4. 4. Sheetal Shinkhede et al Int. Journal of Engineering Research and Application ISSN : 2248-9622, Vol. 3, Issue 5, Sep-Oct 2013, pp.1320-1325 www.ijera.com generator and electricity is produced. They run at a speed defined by the frequency of supply grid [9]. C. Photo Voltaic (Pv) Photovoltaic systems convert energy from the sun directly into electricity. They are composed of photovoltaic cells, usually a thin wafer or strip of semiconductor material that generates a small current when sunlight strikes them. Multiple cells can be assembled into modules that can be wired in an array of any size. Small photovoltaic arrays are found in wrist watches and calculators; the largest arrays have capacities in excess of 5 MW. Photovoltaic systems are cost-effective in small off-grid applications, providing power, for example, to rural homes in developing countries, off-grid cottages and motor homes in industrialized countries, and remote telecommunications, monitoring and control systems worldwide. The PV plant is connected to grid via DC/AC inverters of different technology. PV have explosive growth rate, which is still less than one tenth of wind. The solar resource data for Gujarat is obtained from NASA surface meteorology and solar website [10]. The approximate location of the site used is 23.3000 latitude and 73.230090 longitudes from the data daily solar radiation with respect to horizontal is obtained. Fig. 6 cost curve for PV cell D. Battery Source: There’s a promising new entry in the race to build cheap batteries for storing energy from solar panels and wind turbines. The technology is a cross between a flow battery and an experimental type called a lithium-sulphur battery. In a flow battery, positive and negative liquid electrolytes are stored in swimming-pool-size tanks. The batteries are attractive because the amount of energy they store can be increased simply by expanding these tanks, without increasing the size of the electronic connections and other battery parts needed to extract the energy. But they require expensive ion membranes and large amounts of material . Fig. 7 cost curve for battery Ideally Cost curve of PV cell ( where replace cost zero)is as shown Fig 5. The proposed model uses 0.1KW of PV cell having cost curve as shown in Fig. 6 Fig. 8 characteristics of battery The battery size is of 6V, 225 AH, 1.35kWH. The cost curve is as shown in Fig.7 Fig. 5 cost curve for ideal PV cell VI. Modelling And Results System architecture PV Array 0.1 kW Battery 2 Trojan T-105 Cost summary of sources www.ijera.com 1323 | P a g e
  5. 5. Sheetal Shinkhede et al Int. Journal of Engineering Research and Application ISSN : 2248-9622, Vol. 3, Issue 5, Sep-Oct 2013, pp.1320-1325 Total net present cost $ 1,239 Cost of energy $ 1.479/kWh Operating cost www.ijera.com The result shows the optimal system. The following graph shows that PV/battery systems are optimal for most of that sensitivity space. $ 15.6/yr $=Rs 60/-Appx Fig 12. Cash flow summery for PV and Battery The battery selected has following characteristics Fig 9 Electrical characteristics Production Fraction Component (kWh/yr) PV array 158 100% Total 158 100% The Load size of 0.2 KWh/d and peak load of 48W is considered as a model. Load Profile Load The excess generation is Quantity Value Units Excess electricity (kWh/yr) DC primary load 73 100% Total 74.9 kWh/yr Unmet load 0.00 kWh/yr Capacity shortage Consumption Fraction 0.00 kWh/yr 100% 73 Renewable fraction 1.000 Fig 13 Monthly average Electricity generation with PV. Fig 10 Load profile Fig 14. Comparison of cash flow (PV /Battery) Fig 11 Monthly load variation considered. The system is environment friendly. The emission is given the table. Load size varies from 0.2kWh/d to 1 kWh/d. www.ijera.com 1324 | P a g e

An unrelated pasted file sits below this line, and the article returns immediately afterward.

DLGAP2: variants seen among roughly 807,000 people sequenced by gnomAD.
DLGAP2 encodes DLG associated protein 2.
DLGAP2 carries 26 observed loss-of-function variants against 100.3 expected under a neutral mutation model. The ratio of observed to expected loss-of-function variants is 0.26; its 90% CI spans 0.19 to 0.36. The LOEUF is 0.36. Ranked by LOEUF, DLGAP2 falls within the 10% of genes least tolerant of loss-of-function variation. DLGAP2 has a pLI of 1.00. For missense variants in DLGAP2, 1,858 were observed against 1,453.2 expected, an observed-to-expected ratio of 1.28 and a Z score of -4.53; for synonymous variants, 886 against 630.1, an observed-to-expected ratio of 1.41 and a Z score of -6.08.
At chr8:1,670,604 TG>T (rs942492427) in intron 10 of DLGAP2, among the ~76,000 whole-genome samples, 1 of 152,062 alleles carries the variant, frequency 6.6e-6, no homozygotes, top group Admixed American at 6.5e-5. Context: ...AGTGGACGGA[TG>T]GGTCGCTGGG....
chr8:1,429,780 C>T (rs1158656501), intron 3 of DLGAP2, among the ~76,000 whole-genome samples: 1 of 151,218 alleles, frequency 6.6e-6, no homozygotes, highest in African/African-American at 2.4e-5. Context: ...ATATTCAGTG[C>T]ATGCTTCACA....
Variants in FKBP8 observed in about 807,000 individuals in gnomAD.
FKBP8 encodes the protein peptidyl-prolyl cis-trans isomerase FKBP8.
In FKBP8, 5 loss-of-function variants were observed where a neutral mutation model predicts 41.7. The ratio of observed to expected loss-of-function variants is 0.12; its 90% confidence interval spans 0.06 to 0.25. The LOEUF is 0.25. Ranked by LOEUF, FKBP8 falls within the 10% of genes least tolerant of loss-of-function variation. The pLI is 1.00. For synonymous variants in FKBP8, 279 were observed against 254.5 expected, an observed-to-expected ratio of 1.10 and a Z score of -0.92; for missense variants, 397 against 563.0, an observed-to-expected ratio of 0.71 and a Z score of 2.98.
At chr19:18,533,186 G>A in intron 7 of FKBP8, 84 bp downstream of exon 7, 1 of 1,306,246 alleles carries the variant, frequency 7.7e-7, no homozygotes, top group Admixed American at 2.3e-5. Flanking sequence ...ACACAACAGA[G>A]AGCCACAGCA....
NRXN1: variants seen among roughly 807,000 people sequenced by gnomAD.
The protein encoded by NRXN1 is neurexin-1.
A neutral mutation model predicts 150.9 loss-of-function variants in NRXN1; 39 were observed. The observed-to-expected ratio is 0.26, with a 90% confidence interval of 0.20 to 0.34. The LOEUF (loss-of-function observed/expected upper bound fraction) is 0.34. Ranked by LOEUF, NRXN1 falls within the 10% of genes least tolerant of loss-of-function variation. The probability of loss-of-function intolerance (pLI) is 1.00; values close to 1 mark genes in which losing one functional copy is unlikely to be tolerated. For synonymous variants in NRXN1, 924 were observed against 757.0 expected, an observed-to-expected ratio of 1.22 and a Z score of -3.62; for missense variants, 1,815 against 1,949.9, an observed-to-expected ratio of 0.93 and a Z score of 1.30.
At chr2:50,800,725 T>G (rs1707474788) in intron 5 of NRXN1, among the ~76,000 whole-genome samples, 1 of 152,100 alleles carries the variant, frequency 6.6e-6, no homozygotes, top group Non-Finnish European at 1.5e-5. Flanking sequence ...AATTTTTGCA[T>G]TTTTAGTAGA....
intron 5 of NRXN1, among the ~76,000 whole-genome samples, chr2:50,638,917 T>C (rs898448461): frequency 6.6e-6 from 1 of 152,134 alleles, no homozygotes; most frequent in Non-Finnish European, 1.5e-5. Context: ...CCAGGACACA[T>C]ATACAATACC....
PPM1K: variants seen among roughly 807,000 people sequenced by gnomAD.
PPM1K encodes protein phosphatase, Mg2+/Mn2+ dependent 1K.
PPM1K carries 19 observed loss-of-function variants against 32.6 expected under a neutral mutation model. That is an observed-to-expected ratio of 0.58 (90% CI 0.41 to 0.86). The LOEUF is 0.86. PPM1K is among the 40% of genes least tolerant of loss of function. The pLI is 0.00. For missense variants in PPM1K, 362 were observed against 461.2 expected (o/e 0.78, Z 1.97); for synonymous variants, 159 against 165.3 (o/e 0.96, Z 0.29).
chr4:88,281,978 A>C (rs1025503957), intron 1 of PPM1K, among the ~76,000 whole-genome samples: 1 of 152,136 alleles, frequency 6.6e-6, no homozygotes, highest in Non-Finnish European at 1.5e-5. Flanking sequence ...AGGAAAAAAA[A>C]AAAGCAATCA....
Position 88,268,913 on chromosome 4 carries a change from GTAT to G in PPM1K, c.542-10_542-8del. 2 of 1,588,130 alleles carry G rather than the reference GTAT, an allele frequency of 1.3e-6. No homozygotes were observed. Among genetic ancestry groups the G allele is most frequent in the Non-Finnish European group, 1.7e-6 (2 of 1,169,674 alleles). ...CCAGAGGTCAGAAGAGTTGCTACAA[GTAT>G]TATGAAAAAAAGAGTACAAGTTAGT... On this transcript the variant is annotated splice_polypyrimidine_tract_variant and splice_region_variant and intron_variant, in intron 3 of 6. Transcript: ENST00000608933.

6. 6. Sheetal Shinkhede et al Int. Journal of Engineering Research and Application ISSN : 2248-9622, Vol. 3, Issue 5, Sep-Oct 2013, pp.1320-1325 Pollutant Emissions (kg/yr) Carbon dioxide 0 Carbon monoxide www.ijera.com Hybrid Wind-diesel System” Renewable Energy Laboratory, MA, USA. NASA,available at http://eosweb.larc.nasa.gov 0 [10] Unburned hydocarbons 0 Particulate matter 0 Sulfur dioxide 0 Nitrogen oxides 0 VII. Conclusion The results are simulated using HOMER software. Modelling shows that the cost summary, cash flow summary, electrical production or emissions and cost of PV and Battery hybrid system is feasible. Total Net Present Cost is $1239. From the optimal system type it is clear that except rainy season PV cell is optimum, during day time. The charges during day time during Sun set hours battery configuration is feasible. This Model can be modified with Wind sources and DG set with natural gas as a fuel. At higher wind speeds, PV/Wind/Battery configuration will show optimum results. If the wind speed is high, use of PV and Battery may reduces. References [1] [2] [3] [4] [5] [6] [7] [8] [9] S. Chowdhury, S.P. Chowdhury and P. Crossley. Micro-grids and Active Distribution Networks IEA, Distributed Generation in Legalised Electricity Markets, Paris, 2002. Italo Atzeni, Luis G. Ordóñez, Gesualdo Scutari, and Javier Rodríguez Fonollosa. “Demand-Side Management via Distributed Energy Generation and Storage Optimization” IEEE Transactions On smart Grid, Vol.4, No. 2, June 2013 R.A. Jabr, B.C. Pal, “Ordinal optimisation approach for locating and sizing of distributed generation” Published in IET Generation, Transmission & Distribution Received on 14th January 2009. J. A. Momoh, Electric Power Distribution, Automation, Protection, and Control, London: CRC Press, 2008. “Distributed generation: options and approaches” Sustainable energy regulation and policymaking for africa Arup Sinha':', R N Lahiri, Sanjay Neogi, 1, S. Chowdhury':’, S.P.Chowdhury , C.T.Gaunt,” Analysis of Market Price for Distributed Generators (DGs) in Microgrid”. M. H. Albadi, Student Member, IEEE, and E. F El-Saadany, Senior Member, IEEE “The Role of Distributed Generation in Restructured Power Systems J. F. Manwel, J. G. McGowan, U. Abdul wahid, “Simplified Performance model for www.ijera.com 1325 | P a g e